Posts Tagged ‘political’

Tomi Ungerer: All in One at the Drawing Center

2.	Tomi Ungerer. Untitled (drawing for The Party), 1966; ink and ink wash on paper;
18 x 18 in. Courtesy of the Collection Musée Tomi Ungerer – Centre
international de l’Illustration, Strasbourg. Photo: Musées de la Ville de Strasbourg/Mathieu Bertola.

Tomi Ungerer: All in One, now on view at the Drawing Center, is a joyful retrospective of the artist’s career as children’s-book author, satirical cartoonist, political illustrator, and erotic artist. Sadly it’s also incredibly timely. Because though Ungerer was a beloved illustrator, he was also rejected for the explicit imagery in his political and erotic work. As we engage in a global conversation about shock[…..]

William Kentridge’s Poetic Cinema

William Kentridge. Drawing for the film Other Faces, (Crowds in city streets), 2011;
Charcoal and colored pencil on paper, 27.5 x 48 in.

“Other Faces” assumes the feel of reportage, as if we are witnessing certain events from the struggle against colonialism in South Africa’s turbulent past.

In ___ We Trust: Art and Money at the Columbus Museum of Art

Claire Fontaine. This Neon Sign Was Made By..., 2009; Back-painted neon, 6400k glass, cables, fixtures and transformers; 19 11/16 x 118 1/8 in. Courtesy of the artist and Metro Pictures, New York. Photo: Erin Fletcher

Curator Tyler Cann’s In ___We Trust: Art and Money is a fresh and imaginative approach to exhibition making. The title definitively removes higher moral or spiritual motives—so often claimed in art making—from the framework of the exhibit, and it seems especially fitting that Andy Warhol, a lover of all things material and monetized, opens the show. Hanging on the first wall are three works: the print[…..]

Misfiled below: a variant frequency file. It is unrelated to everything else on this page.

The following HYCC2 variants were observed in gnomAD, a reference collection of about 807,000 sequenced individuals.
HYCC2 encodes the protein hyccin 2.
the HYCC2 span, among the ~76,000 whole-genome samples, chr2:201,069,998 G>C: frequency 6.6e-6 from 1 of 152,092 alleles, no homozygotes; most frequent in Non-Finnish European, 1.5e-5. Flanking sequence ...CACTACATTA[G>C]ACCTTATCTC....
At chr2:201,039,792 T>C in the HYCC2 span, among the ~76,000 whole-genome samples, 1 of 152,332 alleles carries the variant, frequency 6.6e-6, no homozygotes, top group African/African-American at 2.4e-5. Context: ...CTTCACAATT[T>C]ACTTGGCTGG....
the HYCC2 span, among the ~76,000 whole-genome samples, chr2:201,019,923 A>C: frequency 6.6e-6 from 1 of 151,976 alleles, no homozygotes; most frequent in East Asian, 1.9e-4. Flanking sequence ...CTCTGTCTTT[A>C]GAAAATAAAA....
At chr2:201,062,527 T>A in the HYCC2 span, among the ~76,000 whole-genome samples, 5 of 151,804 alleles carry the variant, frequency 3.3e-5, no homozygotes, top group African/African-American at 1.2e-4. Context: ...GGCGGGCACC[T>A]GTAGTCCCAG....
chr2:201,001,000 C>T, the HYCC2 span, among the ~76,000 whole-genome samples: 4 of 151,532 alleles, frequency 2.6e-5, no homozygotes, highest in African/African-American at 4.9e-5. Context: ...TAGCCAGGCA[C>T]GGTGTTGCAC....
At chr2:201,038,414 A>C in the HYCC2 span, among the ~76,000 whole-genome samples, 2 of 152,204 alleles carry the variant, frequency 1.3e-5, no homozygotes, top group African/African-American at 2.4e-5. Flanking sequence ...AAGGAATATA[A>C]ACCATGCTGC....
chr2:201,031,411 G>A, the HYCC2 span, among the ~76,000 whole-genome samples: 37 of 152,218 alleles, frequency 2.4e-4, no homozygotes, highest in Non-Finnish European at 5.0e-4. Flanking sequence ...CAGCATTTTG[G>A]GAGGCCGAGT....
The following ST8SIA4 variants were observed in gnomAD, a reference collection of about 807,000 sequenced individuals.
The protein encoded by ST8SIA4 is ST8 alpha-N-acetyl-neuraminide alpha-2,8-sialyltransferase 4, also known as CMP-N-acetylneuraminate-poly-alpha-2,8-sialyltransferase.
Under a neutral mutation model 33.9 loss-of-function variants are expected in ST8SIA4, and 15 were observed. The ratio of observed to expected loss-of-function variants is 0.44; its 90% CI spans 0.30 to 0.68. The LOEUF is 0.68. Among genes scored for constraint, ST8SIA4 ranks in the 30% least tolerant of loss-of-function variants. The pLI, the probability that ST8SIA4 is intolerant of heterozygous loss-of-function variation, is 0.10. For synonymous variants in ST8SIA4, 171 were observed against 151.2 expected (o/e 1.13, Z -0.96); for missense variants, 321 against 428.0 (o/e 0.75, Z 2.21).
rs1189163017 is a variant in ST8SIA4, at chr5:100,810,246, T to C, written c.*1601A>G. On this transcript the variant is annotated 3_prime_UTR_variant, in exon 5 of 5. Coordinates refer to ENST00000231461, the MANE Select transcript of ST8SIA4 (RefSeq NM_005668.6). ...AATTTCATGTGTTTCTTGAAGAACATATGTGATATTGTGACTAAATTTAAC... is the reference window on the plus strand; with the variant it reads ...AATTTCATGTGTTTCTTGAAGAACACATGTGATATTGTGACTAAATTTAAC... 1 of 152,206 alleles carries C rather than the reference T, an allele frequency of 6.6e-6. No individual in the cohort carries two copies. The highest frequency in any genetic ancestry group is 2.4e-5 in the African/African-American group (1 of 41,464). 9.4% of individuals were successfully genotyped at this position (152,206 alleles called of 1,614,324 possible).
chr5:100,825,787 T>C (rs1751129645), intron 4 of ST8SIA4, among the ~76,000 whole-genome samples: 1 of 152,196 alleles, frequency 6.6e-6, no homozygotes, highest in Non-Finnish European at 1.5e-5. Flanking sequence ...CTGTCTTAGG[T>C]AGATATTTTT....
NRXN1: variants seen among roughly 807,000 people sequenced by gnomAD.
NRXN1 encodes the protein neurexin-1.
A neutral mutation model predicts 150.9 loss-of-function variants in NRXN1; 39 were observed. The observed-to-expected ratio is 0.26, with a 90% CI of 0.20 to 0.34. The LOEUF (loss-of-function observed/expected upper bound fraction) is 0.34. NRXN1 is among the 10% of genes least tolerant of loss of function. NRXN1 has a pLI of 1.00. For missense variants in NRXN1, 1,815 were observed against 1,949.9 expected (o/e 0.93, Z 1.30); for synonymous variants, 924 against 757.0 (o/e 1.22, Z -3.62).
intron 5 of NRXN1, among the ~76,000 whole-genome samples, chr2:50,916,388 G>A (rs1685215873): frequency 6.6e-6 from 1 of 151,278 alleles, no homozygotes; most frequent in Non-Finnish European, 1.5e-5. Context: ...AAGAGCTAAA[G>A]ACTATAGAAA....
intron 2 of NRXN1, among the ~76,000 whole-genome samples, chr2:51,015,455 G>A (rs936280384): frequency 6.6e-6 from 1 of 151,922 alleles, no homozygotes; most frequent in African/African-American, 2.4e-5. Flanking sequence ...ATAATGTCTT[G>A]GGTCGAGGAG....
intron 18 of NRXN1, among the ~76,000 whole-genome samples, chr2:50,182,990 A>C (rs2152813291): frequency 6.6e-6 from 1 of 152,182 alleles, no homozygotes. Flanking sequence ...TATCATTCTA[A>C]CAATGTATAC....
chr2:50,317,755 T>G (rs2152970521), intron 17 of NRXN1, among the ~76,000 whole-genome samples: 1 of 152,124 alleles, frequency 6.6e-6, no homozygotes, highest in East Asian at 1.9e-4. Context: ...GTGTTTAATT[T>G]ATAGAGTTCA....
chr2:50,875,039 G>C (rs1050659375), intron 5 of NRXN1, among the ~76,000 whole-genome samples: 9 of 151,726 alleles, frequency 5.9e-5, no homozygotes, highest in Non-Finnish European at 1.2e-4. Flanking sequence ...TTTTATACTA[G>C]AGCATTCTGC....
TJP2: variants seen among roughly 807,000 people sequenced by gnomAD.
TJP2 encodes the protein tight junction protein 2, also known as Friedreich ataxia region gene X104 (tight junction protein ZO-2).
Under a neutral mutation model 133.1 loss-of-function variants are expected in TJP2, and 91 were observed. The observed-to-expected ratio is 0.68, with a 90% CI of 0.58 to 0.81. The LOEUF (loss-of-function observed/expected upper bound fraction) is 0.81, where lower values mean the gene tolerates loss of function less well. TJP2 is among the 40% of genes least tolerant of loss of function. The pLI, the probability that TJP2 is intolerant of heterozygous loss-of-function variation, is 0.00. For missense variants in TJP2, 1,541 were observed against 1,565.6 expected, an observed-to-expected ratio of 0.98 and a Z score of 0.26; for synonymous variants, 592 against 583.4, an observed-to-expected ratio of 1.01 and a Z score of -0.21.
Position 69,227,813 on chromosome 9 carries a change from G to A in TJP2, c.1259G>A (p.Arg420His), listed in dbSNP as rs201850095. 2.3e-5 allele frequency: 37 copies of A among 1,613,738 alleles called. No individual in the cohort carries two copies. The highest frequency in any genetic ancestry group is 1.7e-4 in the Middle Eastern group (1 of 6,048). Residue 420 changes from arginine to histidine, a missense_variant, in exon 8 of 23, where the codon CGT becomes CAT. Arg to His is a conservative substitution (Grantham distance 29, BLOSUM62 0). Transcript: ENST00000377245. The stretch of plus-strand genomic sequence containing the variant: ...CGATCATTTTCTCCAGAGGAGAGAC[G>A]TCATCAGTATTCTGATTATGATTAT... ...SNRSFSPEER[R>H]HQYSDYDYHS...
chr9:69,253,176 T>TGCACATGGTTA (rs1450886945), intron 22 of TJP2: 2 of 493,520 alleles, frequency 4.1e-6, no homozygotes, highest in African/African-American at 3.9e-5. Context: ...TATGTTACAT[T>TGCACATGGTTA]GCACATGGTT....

Best of 2013 – #Hashtags: On the Political in Art

As we continue our Best of 2013 series, today’s pick comes from Bean Gilsdorf, who writes, “As the managing editor of Daily Serving, I get to work with over thirty super-talented authors from around the world, so it’s very hard for me to select just one article for this series. However, I really appreciate the energy that Anuradha Vikram has brought to writing and editing our[…..]

#Hashtags: The State of Art: Bangladesh, Portugal, Greece, and Palestine at the Venice Biennale

Joanna Vasconcelos. Valkyrie Azulejo, 2013. Handmade woolen crochet, fabrics, ornaments, polyester, LEDs and electric system. Dimensions variable. Portuguese Pavilion, 55th Venice Biennale. Courtesy of the artist and the Transtejo – Transportes Tejo, S.A., Lisbon. Photo by the author.

#politics #statehood #borders #biennials #nationalism The Venice Biennale is fundamentally shaped by its founders’ belief in statehood. Each nation-state secures its site, much like an embassy, and asserts its self-image through the choice of curators and artists. Four pavilions at the 2013 Biennale demonstrate how the notion of the nation-state is constructed and deconstructed in the face of contemporary global pressures. For Bangladesh, the pavilion[…..]

Personal Opinions

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L.A. Expanded: Notes from the West Coast A weekly column by Catherine Wagley Driving home on March 28, the last day of the SCOTUS affordable health care hearings, I had the radio on and heard interviews with two or three female picketers who had set up outside the Supreme Court. I haven’t been able  to find the transcript of what I heard, but I remember[…..]

Fan Mail: Erin Rachel Hudak

Love-You-Forever1

For this edition of Fan Mail, New York based artist Erin Rachel Hudak has been selected from a group of worthy submissions. If you would like to be considered, please submit to info@dailyserving.com a link to your website with ‘Fan Mail’ in the subject line. One artist is featured each month—the next one could be you! I have grown to love a television program entitled[…..]